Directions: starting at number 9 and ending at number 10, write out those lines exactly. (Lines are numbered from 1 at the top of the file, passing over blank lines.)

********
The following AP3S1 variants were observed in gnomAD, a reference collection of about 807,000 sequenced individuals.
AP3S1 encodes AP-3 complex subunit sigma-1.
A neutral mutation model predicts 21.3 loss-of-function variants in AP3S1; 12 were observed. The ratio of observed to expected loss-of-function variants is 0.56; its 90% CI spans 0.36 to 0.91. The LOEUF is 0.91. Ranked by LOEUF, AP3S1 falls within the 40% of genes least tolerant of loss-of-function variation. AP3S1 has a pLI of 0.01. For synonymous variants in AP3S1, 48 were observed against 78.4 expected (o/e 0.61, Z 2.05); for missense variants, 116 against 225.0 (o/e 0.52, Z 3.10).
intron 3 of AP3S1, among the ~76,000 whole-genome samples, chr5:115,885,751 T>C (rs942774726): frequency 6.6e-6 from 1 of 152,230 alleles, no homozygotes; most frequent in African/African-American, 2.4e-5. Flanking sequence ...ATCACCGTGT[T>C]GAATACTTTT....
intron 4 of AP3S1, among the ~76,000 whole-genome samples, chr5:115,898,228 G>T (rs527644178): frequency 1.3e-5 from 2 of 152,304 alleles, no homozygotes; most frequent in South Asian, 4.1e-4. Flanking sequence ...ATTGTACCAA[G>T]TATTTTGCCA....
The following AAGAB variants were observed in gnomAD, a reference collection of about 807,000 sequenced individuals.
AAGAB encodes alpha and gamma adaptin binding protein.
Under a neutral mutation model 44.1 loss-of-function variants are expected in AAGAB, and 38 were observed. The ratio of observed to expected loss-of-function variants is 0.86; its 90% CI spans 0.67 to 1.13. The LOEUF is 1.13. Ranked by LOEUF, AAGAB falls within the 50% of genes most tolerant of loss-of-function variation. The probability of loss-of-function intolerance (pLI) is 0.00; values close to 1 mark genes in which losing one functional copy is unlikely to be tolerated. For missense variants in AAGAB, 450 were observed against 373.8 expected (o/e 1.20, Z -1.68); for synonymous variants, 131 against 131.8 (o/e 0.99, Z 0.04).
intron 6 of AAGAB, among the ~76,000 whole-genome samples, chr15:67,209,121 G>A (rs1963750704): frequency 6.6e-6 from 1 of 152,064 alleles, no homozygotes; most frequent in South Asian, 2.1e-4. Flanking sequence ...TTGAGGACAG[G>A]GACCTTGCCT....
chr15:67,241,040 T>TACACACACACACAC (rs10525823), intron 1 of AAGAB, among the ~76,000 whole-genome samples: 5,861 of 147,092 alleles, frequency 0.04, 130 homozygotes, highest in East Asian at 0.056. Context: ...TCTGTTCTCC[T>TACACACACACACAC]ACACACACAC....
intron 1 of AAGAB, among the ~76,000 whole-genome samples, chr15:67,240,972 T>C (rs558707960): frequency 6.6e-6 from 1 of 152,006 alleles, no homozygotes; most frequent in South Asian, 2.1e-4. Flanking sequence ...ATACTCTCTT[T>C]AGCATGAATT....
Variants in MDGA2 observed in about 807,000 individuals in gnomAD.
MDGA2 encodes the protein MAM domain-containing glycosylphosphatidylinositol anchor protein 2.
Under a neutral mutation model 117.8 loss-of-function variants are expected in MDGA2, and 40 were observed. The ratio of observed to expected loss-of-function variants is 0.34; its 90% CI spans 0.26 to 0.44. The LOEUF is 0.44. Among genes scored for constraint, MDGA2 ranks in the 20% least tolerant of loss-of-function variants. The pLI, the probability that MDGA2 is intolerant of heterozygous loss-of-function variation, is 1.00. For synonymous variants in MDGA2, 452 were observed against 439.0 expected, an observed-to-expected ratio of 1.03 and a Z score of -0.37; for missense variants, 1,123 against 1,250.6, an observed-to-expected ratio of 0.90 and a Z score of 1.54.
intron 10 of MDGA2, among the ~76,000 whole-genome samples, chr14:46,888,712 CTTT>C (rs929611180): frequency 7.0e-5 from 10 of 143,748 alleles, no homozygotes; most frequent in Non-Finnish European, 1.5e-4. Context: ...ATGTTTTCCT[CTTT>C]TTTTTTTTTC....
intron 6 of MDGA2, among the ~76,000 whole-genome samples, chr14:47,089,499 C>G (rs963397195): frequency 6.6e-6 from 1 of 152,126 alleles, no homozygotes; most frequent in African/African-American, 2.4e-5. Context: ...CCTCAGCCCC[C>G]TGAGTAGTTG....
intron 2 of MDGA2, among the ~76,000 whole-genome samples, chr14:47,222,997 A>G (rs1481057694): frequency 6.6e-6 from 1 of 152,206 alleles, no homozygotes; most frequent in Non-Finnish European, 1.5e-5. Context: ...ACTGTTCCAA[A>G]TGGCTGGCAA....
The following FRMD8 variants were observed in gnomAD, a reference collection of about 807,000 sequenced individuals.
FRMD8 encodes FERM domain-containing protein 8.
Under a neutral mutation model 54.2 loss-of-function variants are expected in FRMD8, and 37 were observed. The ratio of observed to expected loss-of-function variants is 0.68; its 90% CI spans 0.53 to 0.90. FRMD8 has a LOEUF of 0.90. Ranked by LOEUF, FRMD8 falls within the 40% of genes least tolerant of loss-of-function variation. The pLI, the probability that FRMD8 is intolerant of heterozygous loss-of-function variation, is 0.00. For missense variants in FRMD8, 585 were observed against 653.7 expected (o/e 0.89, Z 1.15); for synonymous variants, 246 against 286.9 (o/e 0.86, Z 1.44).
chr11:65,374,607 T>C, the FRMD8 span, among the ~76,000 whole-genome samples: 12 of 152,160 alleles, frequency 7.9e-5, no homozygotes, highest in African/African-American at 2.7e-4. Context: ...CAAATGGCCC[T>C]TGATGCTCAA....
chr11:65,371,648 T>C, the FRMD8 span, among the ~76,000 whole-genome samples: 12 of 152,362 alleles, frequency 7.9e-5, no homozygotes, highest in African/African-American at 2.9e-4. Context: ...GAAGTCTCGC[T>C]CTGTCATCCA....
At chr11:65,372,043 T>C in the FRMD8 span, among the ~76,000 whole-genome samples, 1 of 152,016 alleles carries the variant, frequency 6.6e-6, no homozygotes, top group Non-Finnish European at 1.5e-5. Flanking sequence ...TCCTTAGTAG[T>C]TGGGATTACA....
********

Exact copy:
intron 6 of AAGAB, among the ~76,000 whole-genome samples, chr15:67,209,121 G>A (rs1963750704): frequency 6.6e-6 from 1 of 152,064 alleles, no homozygotes; most frequent in South Asian, 2.1e-4. Flanking sequence ...TTGAGGACAG[G>A]GACCTTGCCT....
chr15:67,241,040 T>TACACACACACACAC (rs10525823), intron 1 of AAGAB, among the ~76,000 whole-genome samples: 5,861 of 147,092 alleles, frequency 0.04, 130 homozygotes, highest in East Asian at 0.056. Context: ...TCTGTTCTCC[T>TACACACACACACAC]ACACACACAC....